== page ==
“It turns out that negativity, stress, uncertainty—we can actually pick it up like secondhand smoke. You don’t even have to be the one smoking to have negative health effects. The same is true around the ways that our brains are designed. If you’re surrounded by people who are pessimistic about the future, they’re gossiping, they’re negative, they’re full of complaints, even if you have an optimistic brain, your brain will start to process the world like that person is unless we’re conscious of it.”

One of the core tenets of a successful, enjoyable college admissions process is to focus on the parts that you can control (while letting go of the other parts). You can’t control the way fellow parents behave. But you can control your own behavior, and whether or not you engage with those people who ruin what should be an exciting time for your family.

You’re only going to experience this transition from high school to college once with each of your kids. Don’t let other parents ruin it for you. Spend time with other people who love their kids and just want to see them happy at whatever school they attend, who don’t feel the need to turn this into a status competition, and who project an air of support and that you’re all in this together.

Your family’s college admissions process will be happier and healthier without secondhand stress.

Look for the teaching moments

One of a parent’s most important goals during the high school years should be to prepare their student for life on his or her own, without managing every decision, challenge, and uncertainty. It’s not that you’ll ever stop being a parent—it’s a lifetime gig and your kids won’t ever stop needing you. But unless you plan on moving into the dorm next door (not a good idea), the roles, both yours and your student’s, are going to change. The high school years are the perfect opportunity to prepare by looking for the teaching moments.

“Can you take care of this?”
The first step is to look for opportunities to stop doing for your kids those things that they could do for themselves. That’s the teaching moment. Start by asking them more questions and to describe what they’re facing. If they’re having trouble in a class and want you to talk to their teacher for them, ask them to tell you more about what kind of trouble they’re having, how long it’s been a problem, and what they’ve tried so far. Questions like these move kids from dropping a situation on your plate–and waiting for you to fix it–to examining what’s facing them. They can’t find the answers if they don’t first learn how to examine the problems.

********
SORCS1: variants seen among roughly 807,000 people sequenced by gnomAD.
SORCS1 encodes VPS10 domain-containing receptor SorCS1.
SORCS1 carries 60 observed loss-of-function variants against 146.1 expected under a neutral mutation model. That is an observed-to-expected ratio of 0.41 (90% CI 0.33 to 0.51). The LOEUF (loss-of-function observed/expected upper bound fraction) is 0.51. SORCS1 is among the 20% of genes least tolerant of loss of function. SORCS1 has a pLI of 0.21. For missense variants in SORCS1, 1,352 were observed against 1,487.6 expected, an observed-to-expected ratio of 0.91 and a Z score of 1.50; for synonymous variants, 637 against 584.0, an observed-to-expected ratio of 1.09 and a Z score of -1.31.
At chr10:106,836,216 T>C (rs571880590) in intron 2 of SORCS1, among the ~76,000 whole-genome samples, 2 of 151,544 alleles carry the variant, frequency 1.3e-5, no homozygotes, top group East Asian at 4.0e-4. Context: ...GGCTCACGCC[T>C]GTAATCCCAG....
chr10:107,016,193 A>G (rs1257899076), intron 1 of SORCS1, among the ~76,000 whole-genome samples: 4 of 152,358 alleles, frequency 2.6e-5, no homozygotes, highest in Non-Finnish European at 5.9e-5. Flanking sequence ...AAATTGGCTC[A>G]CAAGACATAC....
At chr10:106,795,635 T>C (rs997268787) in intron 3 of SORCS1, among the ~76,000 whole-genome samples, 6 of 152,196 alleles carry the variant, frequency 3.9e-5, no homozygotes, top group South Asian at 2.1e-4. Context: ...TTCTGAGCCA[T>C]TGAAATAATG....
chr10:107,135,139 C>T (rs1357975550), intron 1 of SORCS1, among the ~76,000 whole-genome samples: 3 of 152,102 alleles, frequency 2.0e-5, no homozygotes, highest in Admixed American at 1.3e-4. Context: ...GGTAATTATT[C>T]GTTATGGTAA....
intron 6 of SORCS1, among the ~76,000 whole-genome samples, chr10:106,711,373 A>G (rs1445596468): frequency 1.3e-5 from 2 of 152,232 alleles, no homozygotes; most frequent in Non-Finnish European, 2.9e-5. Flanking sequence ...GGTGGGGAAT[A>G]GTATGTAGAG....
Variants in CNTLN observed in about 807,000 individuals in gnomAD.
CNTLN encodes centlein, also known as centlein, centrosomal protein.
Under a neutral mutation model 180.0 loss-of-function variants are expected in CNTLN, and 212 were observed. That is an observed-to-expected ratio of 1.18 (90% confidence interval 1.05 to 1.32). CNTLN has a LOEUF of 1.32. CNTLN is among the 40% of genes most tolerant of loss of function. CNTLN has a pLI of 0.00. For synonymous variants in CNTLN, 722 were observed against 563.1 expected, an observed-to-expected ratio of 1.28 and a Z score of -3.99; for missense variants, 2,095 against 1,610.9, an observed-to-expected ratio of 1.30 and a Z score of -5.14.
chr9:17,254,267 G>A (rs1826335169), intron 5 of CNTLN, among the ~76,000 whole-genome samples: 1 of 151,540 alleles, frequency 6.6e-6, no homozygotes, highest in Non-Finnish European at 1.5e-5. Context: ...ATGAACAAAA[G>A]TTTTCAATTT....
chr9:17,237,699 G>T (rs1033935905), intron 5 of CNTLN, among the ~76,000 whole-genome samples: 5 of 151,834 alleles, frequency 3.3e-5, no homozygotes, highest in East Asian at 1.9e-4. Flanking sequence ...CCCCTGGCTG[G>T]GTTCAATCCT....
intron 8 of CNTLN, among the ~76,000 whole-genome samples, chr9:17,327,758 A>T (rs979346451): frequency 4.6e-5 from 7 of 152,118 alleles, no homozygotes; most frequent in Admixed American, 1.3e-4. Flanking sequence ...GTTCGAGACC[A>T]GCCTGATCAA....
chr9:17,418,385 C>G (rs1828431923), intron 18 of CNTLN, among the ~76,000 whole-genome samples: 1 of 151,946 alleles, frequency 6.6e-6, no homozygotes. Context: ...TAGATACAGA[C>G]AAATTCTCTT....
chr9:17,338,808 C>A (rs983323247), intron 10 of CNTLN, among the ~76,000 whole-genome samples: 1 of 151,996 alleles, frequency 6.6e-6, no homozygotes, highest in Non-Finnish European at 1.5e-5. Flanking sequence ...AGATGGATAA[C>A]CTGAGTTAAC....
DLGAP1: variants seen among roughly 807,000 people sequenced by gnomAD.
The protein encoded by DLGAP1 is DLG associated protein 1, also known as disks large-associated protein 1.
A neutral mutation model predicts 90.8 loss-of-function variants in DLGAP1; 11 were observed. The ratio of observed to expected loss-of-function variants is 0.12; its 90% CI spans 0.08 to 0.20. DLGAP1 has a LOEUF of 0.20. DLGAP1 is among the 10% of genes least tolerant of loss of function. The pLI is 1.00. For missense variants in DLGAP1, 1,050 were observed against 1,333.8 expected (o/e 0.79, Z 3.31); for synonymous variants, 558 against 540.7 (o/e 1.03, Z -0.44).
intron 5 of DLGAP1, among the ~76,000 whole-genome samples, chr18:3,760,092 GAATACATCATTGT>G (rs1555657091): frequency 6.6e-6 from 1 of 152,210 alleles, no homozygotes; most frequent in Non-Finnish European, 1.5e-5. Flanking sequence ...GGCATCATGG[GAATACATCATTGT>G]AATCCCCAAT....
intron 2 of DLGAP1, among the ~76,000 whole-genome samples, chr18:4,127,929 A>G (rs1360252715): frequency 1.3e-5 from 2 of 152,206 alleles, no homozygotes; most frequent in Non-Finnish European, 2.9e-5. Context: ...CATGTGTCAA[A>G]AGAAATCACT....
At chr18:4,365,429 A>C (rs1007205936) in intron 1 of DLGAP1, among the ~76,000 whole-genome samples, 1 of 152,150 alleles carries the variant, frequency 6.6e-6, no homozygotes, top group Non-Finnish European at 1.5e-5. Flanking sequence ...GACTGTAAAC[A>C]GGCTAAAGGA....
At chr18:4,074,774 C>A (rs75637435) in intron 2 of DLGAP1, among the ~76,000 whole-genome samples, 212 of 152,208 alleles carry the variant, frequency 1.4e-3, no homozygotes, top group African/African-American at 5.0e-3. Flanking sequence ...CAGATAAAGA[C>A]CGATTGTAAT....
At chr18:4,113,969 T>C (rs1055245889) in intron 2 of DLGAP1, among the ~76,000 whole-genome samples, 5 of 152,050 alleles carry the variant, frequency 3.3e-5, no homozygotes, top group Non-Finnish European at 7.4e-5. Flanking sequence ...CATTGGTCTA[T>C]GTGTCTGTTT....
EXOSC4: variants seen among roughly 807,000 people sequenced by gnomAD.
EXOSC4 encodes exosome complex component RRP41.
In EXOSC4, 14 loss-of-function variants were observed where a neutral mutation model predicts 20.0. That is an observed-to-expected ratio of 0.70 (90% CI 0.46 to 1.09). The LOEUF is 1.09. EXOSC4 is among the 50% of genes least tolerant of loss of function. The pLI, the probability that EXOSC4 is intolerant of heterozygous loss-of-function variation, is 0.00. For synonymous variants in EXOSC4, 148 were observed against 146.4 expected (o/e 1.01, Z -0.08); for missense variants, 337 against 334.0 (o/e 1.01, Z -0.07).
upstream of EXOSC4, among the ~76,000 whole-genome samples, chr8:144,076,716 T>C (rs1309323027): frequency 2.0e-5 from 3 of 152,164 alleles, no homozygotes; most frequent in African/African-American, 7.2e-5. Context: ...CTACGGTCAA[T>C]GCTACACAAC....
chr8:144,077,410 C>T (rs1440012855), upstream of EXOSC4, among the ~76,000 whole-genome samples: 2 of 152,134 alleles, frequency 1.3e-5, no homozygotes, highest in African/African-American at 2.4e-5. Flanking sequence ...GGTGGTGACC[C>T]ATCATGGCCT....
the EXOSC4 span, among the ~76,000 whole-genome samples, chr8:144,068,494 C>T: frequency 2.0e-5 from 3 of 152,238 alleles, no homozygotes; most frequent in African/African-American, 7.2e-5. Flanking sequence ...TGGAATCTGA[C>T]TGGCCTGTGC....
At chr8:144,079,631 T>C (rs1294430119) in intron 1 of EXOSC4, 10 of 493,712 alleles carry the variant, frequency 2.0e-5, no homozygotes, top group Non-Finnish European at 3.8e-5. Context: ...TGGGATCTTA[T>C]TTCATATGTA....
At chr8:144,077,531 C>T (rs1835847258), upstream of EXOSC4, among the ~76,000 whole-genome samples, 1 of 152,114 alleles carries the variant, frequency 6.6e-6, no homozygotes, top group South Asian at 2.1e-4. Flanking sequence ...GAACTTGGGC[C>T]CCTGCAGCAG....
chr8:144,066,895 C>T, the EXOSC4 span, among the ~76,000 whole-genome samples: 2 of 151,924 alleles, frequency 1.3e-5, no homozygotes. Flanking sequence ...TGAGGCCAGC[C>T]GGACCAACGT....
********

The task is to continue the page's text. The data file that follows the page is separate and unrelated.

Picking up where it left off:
“What do you think I should do?”
As kids get better at assessing what’s facing them, they’ll move to seeking your advice. “Can you take care of this?” will become, “What do you think I should do?” Instead of just answering the question, use it as a teaching moment. Ask if they’ve tried anything to solve it themselves, and if not, what they’ve considered. Help them think through their options, and explain your thinking, too, as you come up with an answer together. The goal is to move them from asking you for a solution to presenting you with one they found themselves.

“Here’s what I’m going to do.”
As their confidence builds, kids will begin coming to you to share not just a problem, but also their intended solution. It’s a way of checking in to make sure they’re not missing a better option or making an irreversible mistake. The teaching moment presented here is to highlight what they’re doing right, even if you don’t entirely agree with the course of action. If they’re examining the challenge, considering solutions, and showing the initiative to make a choice, they’re on the right path. Remember, the goal isn’t necessarily for them to do everything perfectly the first time. It’s to learn from these experiences, and that means that some lessons will sting more than others. Have faith that while you’re not protecting them from every potential disappointment, you’re setting them up for independence, success, and happiness.